White Summer

By Joelle Biele
(Southern Illinois University Press, Paperback, 9780809324682, 80pp.)

Publication Date: September 2002

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Description

In White Summer, Joelle Biele investigates the problems of personal and cultural memory. Rich with images of flight and displacement, Biele’s poems show a love for words, their music and physicality. In lyric addresses, historical meditations, and autobiographical narratives, she takes readers on a journey that includes stops at a dinner party in ancient Rome, a market square in Germany, an Italian feast in the Bronx, and the main concourse of Manhattan’s Grand Central Station. She shows a sharp eye for the telling detail whether she is studying the migrations of birds or sketching portraits of people wishing to escape the confines of their lives. Throughout her first collection, Biele reveals and revels in the power of language to shape and create experience.




About the Author

A Fulbright scholar and recipient of both the Ruth Lake Award and the Cecil Hemley Memorial Award from the Poetry Society of America, Joelle Biele has been published in the Antioch Review, Hubbub, Indiana Review, the Iowa Review, Meridian, Nimrod, and Epoch. Biele has taught American literature and creative writing at the University of Oldenburg in Germany and has served as a lecturer in the English department at the University of Maryland.




Praise For White Summer

White Summer, the first collection from poet Joelle Biele, is a book full of gorgeous language, delicate yet enduring imagery, and a quiet lyric intensity that is far too rare in contemporary poetry. No life detail—a fly, a group of starlings, a festival of dolls—escapes Biele’s notice, and we are better for having seen the world through her eyes. Biele’s poems, which range from short lyrics to longer meditations, are startling in their clarity, precise in their diction, and deft in their craft. There’s a fiercely active imagination on display in White Summer, and a reader cannot help but surrender to these portraits of abundance and beauty. This book is alive in the world, not just merely of it.”—Allison Joseph, author of In Every Seam and Soul Train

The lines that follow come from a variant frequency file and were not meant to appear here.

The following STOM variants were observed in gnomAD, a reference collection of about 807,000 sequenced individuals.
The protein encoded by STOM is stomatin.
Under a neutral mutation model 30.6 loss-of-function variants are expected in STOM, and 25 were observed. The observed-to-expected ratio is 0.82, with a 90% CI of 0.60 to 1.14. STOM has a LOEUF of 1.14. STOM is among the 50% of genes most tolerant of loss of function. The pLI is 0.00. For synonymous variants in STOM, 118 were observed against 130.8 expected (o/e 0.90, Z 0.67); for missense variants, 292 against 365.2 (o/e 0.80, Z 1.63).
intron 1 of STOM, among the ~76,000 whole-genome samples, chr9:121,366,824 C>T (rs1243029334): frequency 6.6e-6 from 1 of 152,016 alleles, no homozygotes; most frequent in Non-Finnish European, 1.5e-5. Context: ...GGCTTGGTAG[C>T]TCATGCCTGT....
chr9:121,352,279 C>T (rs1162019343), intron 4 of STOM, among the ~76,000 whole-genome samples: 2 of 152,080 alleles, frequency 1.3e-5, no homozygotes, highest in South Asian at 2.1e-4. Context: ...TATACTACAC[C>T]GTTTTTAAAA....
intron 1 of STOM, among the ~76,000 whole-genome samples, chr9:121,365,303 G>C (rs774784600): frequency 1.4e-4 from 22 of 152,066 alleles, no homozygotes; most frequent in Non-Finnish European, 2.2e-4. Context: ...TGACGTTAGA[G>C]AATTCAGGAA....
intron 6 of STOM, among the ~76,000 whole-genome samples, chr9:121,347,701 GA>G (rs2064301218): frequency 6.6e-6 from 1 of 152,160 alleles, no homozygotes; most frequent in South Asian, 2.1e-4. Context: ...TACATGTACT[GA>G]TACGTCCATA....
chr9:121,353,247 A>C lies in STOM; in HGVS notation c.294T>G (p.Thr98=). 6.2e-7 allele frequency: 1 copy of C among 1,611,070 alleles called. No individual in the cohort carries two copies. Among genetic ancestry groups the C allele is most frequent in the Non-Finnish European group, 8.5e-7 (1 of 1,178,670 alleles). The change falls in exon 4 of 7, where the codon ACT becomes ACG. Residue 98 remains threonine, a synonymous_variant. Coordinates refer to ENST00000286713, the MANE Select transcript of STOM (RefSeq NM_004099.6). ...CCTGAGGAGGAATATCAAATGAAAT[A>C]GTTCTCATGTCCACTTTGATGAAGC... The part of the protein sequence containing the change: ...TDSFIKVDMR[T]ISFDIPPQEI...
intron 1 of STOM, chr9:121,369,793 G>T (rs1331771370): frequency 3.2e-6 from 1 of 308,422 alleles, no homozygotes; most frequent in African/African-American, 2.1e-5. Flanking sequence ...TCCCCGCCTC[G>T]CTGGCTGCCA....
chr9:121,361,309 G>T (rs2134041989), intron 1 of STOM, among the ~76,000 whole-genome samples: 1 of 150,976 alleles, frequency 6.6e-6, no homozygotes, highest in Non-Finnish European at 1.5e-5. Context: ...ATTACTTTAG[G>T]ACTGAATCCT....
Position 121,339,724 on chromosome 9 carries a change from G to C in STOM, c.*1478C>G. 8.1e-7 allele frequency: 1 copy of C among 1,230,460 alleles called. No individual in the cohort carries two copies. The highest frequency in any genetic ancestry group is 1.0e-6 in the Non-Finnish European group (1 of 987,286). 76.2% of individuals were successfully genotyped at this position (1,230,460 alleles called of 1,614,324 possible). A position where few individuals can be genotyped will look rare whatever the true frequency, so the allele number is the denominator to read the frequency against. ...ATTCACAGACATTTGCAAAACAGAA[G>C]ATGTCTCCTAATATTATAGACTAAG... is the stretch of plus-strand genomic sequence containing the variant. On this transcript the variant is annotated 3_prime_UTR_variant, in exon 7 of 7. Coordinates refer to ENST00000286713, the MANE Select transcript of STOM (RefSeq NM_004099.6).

“In White Summer, Joelle Biele exhibits a Roethke-like affinity with nature and nature’s creatures. At times a miniaturist, Biele constructs exquisite addresses to a heron, cicada, spider, catalpa tree, mockingbird, snail, cormorant, and others. These pitch-perfect poems are written with a delicate, meticulous attention to craft and music. Like the joy she takes in her subjects, this collection is a joy to read.”

—Elizabeth Spires, author of Worldling



“Joelle Biele writes that ‘Some stories will never leave you alone.’ Yet White Summer is blessed rather than obsessed with its stories. The writing itself, for one thing, is so effortlessly achieved, so richly sustained, and so inevitably resolved. Biele fills her poems, she doesn’t burden them, even as she lives in two worlds at once: nature and the present; family and the past—one of which is home, the other exile.”—Stanley Plumly, author of Now That My Father Lies Down Beside Me: New & Selected Poems, 1970–2000

 

“The ‘sprung rhythms’ of Gerard Manley Hopkins are ghost-glimmerings that spark White Summer’s finely glossed, soul-breathy, delectably lyrical poems, in which Joelle Biele brilliantly explores the fundamental knowing of the Immanence of Nature, and beyond—a bravo debut.”—Wanda Coleman, 2001 National Book Award nominee for Mercurochrome: New Poems

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